3. Mars: Young Volcanic Terrain
This region, the same size as the highlands area in slide #2, is on the north flank of the great volcano Elysium Mons, about 800 kilometers south-southeast of the Viking 2 lander site (slide #9). The channel of Hrad Vallis snakes northward (upward) from Elysium Mons. Detailed images show that the surface here is covered with lava flows. In contrast to the southern highlands, most of the northern hemisphere of Mars is young. It has relatively few impact craters because most ancient craters have been covered or erased by more recent geologic activity. For Mars, though, young might mean “only” 2 billion years old, compared to the 4 billion years of the southern highlands.
Lava flow fields like this would not have been thought good places to hunt for traces of martian life, but the martian meteorite ALH 84001 is a volcanic rock and it contains possible fossils. Primitive life grows abundantly in volcanic hot springs, like those at Yellowstone National Park. With this in mind, scientists have proposed searching for life in young volcanic terrains such as this one, in the hope of finding evidence of ancient hot springs or current subsurface thermal activity.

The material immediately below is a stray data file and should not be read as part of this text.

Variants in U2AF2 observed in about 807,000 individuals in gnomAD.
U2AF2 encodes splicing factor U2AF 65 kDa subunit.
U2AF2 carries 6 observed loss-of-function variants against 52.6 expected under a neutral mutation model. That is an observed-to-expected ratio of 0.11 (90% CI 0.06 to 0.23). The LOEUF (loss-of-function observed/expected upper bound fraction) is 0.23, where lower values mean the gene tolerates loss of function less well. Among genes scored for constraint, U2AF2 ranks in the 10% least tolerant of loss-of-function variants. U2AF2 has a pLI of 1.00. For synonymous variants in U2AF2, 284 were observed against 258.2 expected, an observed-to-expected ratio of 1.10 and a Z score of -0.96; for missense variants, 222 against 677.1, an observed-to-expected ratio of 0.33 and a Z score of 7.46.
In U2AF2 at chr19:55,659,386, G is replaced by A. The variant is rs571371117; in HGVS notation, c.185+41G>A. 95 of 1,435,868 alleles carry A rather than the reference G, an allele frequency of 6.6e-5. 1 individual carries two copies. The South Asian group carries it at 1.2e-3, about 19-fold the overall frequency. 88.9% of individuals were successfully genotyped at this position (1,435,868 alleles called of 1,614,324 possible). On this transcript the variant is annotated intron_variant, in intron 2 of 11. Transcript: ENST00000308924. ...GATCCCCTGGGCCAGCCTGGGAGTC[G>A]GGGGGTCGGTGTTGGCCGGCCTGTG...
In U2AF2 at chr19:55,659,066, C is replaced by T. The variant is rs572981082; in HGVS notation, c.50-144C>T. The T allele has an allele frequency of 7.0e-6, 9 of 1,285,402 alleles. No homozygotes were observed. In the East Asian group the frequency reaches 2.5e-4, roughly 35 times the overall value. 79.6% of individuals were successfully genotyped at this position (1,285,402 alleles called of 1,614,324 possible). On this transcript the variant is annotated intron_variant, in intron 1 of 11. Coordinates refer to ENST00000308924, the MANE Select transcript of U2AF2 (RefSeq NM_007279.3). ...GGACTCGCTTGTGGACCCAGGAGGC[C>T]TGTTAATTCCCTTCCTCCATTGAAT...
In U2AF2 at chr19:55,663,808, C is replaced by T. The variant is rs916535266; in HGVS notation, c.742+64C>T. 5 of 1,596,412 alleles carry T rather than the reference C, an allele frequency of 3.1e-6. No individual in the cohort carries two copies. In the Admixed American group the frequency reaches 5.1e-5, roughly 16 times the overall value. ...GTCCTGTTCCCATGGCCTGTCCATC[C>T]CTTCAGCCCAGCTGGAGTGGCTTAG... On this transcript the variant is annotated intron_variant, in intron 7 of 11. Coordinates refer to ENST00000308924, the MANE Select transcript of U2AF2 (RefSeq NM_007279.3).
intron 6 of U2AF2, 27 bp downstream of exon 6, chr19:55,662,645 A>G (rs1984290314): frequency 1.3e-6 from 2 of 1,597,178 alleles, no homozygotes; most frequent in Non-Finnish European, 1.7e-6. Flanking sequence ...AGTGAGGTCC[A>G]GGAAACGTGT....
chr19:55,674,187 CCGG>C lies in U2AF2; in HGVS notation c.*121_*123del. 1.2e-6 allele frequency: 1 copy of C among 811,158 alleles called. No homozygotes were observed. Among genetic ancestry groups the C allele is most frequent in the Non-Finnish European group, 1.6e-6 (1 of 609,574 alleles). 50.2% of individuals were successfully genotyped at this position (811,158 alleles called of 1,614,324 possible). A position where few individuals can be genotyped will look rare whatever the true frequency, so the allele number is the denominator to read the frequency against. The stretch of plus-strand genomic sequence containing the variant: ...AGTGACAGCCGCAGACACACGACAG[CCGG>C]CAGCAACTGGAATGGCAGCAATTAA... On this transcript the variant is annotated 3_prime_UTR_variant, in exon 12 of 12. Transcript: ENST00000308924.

Viking Orbiter mosaic (MDIM), NASA. From 31°N to 36°N and 216°W to 224°W, view approximately 500 kilometers across. Image processing by Brian Fessler and Allan Treiman (Lunar and Planetary Institute).